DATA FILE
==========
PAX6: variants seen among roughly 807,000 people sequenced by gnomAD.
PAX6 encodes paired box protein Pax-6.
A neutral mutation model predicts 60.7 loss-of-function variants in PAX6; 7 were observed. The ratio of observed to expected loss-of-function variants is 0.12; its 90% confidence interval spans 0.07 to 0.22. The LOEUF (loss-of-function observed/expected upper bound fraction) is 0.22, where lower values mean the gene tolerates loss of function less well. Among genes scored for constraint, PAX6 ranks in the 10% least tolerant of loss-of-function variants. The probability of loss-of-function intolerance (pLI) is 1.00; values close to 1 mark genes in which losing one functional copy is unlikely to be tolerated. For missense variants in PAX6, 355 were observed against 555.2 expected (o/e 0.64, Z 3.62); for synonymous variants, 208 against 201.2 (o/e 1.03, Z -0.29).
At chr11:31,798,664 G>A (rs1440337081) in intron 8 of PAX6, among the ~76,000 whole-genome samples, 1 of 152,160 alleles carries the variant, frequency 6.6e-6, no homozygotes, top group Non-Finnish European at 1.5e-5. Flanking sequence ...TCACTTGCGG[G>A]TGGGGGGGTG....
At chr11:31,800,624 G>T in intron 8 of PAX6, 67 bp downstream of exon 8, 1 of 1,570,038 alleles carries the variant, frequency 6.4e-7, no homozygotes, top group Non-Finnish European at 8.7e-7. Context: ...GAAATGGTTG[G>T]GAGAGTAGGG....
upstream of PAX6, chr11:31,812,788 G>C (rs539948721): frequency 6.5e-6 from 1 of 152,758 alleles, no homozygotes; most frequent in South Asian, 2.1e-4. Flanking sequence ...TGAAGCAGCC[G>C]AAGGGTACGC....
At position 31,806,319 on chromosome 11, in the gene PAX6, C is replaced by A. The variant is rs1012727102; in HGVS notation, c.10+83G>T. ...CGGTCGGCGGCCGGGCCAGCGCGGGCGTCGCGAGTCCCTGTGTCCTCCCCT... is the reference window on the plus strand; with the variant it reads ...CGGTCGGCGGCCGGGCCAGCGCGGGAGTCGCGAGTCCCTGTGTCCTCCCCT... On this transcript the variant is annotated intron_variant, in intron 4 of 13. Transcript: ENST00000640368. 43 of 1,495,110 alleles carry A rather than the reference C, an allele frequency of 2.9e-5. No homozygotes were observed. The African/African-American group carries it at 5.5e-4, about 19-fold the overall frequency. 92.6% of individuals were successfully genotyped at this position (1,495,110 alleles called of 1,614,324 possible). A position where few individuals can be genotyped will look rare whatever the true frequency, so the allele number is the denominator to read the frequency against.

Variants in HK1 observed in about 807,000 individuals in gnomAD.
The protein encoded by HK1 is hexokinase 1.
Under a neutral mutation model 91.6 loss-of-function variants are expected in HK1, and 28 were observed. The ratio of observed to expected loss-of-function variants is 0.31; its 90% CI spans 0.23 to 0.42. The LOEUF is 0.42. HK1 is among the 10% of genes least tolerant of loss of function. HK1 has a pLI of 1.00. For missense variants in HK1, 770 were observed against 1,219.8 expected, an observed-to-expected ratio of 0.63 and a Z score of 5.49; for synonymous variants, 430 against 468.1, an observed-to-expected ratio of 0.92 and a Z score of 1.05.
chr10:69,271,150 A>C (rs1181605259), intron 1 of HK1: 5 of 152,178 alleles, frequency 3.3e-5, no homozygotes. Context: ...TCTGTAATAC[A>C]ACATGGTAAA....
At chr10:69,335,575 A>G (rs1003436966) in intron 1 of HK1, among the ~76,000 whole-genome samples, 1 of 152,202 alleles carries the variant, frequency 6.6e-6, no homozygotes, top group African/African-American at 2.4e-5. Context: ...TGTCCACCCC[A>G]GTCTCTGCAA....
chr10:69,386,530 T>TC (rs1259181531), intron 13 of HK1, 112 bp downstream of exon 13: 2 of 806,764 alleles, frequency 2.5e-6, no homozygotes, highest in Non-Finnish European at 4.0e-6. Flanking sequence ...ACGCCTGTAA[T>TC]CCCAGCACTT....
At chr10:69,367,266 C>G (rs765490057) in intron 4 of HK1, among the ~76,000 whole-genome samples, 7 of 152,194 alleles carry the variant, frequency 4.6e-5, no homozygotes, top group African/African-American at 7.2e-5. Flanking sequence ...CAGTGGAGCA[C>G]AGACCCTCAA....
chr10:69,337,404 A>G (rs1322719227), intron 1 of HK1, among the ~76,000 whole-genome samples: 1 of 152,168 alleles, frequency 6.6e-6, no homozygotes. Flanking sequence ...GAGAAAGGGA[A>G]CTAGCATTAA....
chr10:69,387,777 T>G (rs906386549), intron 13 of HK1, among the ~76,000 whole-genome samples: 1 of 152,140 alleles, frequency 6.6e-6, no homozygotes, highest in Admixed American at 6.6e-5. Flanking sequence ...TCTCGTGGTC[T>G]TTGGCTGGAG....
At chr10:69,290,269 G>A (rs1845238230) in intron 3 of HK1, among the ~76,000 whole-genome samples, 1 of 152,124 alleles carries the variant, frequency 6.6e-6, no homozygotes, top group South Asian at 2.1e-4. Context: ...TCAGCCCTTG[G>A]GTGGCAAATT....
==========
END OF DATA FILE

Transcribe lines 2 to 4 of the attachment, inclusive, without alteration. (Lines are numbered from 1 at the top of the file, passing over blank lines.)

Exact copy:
PAX6 encodes paired box protein Pax-6.
A neutral mutation model predicts 60.7 loss-of-function variants in PAX6; 7 were observed. The ratio of observed to expected loss-of-function variants is 0.12; its 90% confidence interval spans 0.07 to 0.22. The LOEUF (loss-of-function observed/expected upper bound fraction) is 0.22, where lower values mean the gene tolerates loss of function less well. Among genes scored for constraint, PAX6 ranks in the 10% least tolerant of loss-of-function variants. The probability of loss-of-function intolerance (pLI) is 1.00; values close to 1 mark genes in which losing one functional copy is unlikely to be tolerated. For missense variants in PAX6, 355 were observed against 555.2 expected (o/e 0.64, Z 3.62); for synonymous variants, 208 against 201.2 (o/e 1.03, Z -0.29).
At chr11:31,798,664 G>A (rs1440337081) in intron 8 of PAX6, among the ~76,000 whole-genome samples, 1 of 152,160 alleles carries the variant, frequency 6.6e-6, no homozygotes, top group Non-Finnish European at 1.5e-5. Flanking sequence ...TCACTTGCGG[G>A]TGGGGGGGTG....